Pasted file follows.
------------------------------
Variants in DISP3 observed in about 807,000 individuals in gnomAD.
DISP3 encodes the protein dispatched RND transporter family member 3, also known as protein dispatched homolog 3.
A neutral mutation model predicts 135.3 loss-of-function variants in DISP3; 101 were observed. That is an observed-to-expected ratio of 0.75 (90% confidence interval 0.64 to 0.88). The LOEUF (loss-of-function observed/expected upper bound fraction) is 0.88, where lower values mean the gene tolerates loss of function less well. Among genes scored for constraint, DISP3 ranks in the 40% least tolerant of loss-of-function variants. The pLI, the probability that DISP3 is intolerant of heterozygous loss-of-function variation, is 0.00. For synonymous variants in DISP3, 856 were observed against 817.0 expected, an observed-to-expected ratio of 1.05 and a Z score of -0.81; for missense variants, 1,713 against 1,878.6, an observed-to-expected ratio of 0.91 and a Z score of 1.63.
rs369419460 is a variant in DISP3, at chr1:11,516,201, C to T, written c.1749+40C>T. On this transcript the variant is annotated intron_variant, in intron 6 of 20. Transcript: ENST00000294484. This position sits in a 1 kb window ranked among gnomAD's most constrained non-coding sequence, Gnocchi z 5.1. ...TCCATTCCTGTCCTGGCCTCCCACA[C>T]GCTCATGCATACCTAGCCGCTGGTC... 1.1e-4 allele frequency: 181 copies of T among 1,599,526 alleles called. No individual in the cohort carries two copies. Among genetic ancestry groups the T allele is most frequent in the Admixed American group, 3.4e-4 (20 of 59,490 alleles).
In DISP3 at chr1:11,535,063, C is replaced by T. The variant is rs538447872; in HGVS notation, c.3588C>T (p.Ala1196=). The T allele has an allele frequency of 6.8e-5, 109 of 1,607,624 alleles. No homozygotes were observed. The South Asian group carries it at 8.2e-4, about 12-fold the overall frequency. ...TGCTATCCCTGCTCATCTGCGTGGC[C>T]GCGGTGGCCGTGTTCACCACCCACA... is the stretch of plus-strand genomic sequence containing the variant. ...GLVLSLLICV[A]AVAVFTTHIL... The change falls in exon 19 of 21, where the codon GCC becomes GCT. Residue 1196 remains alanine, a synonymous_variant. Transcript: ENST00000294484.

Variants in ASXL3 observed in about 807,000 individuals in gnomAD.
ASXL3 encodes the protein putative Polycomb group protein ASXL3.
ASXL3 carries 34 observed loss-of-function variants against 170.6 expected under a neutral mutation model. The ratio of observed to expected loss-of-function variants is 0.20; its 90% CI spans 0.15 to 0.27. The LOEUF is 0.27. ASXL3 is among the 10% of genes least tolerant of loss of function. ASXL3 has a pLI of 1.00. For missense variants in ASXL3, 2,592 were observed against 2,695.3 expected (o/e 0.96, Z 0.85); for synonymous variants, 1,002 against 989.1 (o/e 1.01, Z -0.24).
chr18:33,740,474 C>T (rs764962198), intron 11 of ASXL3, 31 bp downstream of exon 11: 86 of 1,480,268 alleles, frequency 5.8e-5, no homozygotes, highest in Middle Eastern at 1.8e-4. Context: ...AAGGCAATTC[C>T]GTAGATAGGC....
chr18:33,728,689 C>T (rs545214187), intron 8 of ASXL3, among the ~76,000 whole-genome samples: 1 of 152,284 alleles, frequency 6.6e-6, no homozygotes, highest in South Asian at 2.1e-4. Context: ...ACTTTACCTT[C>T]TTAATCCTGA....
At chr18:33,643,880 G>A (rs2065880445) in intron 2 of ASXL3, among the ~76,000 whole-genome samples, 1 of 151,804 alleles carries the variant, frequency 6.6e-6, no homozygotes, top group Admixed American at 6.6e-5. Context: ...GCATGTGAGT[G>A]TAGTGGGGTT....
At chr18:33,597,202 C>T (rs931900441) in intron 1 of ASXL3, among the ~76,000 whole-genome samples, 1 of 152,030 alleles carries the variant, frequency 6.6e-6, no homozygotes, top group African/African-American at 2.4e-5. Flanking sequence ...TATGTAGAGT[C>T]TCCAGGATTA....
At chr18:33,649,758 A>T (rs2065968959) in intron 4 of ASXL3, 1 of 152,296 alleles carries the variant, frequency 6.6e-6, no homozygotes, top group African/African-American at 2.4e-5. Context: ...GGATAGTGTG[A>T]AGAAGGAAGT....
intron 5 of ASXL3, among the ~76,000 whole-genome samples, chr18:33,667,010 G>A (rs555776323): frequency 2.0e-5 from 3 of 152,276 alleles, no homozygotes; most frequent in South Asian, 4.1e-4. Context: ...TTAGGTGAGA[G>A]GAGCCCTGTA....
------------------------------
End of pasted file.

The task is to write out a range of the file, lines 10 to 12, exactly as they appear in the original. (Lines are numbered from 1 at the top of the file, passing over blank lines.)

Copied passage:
chr18:33,728,689 C>T (rs545214187), intron 8 of ASXL3, among the ~76,000 whole-genome samples: 1 of 152,284 alleles, frequency 6.6e-6, no homozygotes, highest in South Asian at 2.1e-4. Context: ...ACTTTACCTT[C>T]TTAATCCTGA....
At chr18:33,643,880 G>A (rs2065880445) in intron 2 of ASXL3, among the ~76,000 whole-genome samples, 1 of 151,804 alleles carries the variant, frequency 6.6e-6, no homozygotes, top group Admixed American at 6.6e-5. Context: ...GCATGTGAGT[G>A]TAGTGGGGTT....
At chr18:33,597,202 C>T (rs931900441) in intron 1 of ASXL3, among the ~76,000 whole-genome samples, 1 of 152,030 alleles carries the variant, frequency 6.6e-6, no homozygotes, top group African/African-American at 2.4e-5. Flanking sequence ...TATGTAGAGT[C>T]TCCAGGATTA....